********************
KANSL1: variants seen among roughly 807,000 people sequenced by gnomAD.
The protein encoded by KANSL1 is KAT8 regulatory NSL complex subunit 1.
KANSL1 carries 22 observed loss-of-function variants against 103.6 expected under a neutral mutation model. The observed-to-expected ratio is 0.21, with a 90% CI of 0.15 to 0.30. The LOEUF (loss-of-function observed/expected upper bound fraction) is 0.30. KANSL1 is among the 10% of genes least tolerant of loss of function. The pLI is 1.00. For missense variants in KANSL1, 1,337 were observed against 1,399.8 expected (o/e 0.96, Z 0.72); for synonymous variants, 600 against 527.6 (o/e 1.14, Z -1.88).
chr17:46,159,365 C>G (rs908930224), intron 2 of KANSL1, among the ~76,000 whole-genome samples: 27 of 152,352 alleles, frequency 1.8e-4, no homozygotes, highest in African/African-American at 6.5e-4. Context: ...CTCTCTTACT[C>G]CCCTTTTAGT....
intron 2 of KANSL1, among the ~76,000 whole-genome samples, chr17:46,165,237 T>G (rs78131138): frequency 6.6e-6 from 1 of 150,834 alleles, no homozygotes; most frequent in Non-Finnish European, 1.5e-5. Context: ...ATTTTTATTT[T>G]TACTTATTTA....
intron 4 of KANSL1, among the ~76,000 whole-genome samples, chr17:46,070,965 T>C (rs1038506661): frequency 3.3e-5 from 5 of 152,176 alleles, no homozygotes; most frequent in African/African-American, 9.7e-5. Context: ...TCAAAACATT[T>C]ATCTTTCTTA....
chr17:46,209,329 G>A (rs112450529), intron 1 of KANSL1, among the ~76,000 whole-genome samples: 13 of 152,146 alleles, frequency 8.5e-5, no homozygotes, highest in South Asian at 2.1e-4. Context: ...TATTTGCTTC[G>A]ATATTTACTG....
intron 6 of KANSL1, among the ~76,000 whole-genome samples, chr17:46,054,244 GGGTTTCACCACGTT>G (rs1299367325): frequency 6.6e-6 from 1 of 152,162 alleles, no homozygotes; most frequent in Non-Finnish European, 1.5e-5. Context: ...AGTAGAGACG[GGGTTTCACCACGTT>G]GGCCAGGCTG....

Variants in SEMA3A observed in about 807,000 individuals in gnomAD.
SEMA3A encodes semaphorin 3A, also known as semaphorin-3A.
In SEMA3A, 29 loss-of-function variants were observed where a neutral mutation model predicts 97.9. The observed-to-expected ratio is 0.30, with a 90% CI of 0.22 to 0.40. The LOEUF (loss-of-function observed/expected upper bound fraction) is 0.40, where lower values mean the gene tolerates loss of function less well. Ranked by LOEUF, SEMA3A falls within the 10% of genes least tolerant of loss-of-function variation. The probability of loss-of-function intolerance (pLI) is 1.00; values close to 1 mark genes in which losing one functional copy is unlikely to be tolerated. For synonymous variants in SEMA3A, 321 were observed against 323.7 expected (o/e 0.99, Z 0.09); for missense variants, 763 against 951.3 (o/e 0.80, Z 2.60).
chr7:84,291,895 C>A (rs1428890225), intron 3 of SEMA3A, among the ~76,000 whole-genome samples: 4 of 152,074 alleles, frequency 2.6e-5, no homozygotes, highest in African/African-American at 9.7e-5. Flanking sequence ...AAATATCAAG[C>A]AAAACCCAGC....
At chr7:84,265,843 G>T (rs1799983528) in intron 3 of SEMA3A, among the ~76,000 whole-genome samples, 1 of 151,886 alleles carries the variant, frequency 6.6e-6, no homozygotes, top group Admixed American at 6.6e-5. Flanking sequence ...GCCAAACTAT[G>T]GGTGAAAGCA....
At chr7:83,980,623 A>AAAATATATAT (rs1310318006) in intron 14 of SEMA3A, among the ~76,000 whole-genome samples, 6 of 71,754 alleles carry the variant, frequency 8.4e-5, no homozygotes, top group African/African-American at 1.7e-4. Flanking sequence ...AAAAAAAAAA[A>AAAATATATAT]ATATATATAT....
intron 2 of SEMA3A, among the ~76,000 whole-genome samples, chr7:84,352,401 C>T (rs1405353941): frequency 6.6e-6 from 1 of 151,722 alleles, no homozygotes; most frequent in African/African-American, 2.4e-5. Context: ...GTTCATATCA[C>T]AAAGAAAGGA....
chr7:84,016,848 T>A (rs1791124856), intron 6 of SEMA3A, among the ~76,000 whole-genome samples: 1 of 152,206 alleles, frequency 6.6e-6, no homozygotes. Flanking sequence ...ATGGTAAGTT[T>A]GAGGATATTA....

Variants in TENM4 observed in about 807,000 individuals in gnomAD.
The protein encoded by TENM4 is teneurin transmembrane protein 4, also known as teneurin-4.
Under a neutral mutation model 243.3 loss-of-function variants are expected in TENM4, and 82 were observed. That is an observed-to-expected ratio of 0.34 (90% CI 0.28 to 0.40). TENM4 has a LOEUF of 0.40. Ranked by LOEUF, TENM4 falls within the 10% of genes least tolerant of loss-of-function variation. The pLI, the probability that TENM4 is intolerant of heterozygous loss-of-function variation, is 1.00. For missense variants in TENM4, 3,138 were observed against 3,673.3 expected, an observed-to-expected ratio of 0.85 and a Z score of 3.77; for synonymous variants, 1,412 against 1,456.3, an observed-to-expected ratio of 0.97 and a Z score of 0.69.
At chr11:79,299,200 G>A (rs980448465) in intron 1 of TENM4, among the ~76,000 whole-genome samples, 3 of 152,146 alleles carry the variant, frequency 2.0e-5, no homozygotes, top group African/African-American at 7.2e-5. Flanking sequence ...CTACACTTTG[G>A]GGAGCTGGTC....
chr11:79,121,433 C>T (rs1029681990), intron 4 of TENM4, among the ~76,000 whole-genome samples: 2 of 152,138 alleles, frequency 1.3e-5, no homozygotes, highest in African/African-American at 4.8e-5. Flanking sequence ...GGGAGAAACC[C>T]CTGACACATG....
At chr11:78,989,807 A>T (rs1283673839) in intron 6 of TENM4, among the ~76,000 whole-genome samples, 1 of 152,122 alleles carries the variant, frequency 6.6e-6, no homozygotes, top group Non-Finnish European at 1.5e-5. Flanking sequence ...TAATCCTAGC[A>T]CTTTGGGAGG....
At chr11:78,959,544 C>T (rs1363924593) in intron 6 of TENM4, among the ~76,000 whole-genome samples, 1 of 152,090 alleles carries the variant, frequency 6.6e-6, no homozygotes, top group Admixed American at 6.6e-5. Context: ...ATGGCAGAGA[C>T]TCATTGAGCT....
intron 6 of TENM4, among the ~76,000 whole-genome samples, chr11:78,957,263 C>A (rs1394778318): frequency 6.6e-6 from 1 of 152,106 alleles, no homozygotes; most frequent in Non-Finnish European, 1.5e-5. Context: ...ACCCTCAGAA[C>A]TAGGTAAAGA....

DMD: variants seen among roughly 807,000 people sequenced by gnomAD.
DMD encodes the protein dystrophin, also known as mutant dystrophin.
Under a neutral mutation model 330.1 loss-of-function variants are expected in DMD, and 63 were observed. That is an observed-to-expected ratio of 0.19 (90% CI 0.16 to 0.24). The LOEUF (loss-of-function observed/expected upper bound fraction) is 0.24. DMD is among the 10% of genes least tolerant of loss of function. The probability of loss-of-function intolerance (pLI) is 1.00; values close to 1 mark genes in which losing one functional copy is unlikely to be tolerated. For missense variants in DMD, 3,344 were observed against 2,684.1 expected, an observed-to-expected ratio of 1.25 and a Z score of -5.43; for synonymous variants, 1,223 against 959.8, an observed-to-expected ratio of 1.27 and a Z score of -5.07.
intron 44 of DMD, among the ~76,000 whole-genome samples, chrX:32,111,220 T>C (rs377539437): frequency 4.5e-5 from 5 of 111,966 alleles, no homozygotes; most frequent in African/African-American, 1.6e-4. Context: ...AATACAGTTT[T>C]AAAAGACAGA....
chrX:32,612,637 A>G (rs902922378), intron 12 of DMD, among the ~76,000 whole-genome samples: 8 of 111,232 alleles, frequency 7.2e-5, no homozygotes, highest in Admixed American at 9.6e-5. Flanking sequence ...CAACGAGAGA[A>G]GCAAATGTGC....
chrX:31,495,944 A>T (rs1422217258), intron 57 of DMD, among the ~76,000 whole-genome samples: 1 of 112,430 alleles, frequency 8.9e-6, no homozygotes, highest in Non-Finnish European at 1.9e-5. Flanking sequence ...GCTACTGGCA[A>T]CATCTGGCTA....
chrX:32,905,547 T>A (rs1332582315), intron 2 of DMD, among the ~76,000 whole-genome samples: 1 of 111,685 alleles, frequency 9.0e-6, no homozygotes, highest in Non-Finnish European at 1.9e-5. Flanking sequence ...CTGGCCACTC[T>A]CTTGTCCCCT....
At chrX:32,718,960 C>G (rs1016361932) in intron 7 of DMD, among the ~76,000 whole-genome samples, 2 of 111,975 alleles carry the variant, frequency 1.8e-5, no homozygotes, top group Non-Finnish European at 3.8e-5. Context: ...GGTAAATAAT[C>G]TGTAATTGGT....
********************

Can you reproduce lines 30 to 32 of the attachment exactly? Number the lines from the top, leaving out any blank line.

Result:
chrX:31,495,944 A>T (rs1422217258), intron 57 of DMD, among the ~76,000 whole-genome samples: 1 of 112,430 alleles, frequency 8.9e-6, no homozygotes, highest in Non-Finnish European at 1.9e-5. Flanking sequence ...GCTACTGGCA[A>T]CATCTGGCTA....
chrX:32,905,547 T>A (rs1332582315), intron 2 of DMD, among the ~76,000 whole-genome samples: 1 of 111,685 alleles, frequency 9.0e-6, no homozygotes, highest in Non-Finnish European at 1.9e-5. Flanking sequence ...CTGGCCACTC[T>A]CTTGTCCCCT....
At chrX:32,718,960 C>G (rs1016361932) in intron 7 of DMD, among the ~76,000 whole-genome samples, 2 of 111,975 alleles carry the variant, frequency 1.8e-5, no homozygotes, top group Non-Finnish European at 3.8e-5. Context: ...GGTAAATAAT[C>G]TGTAATTGGT....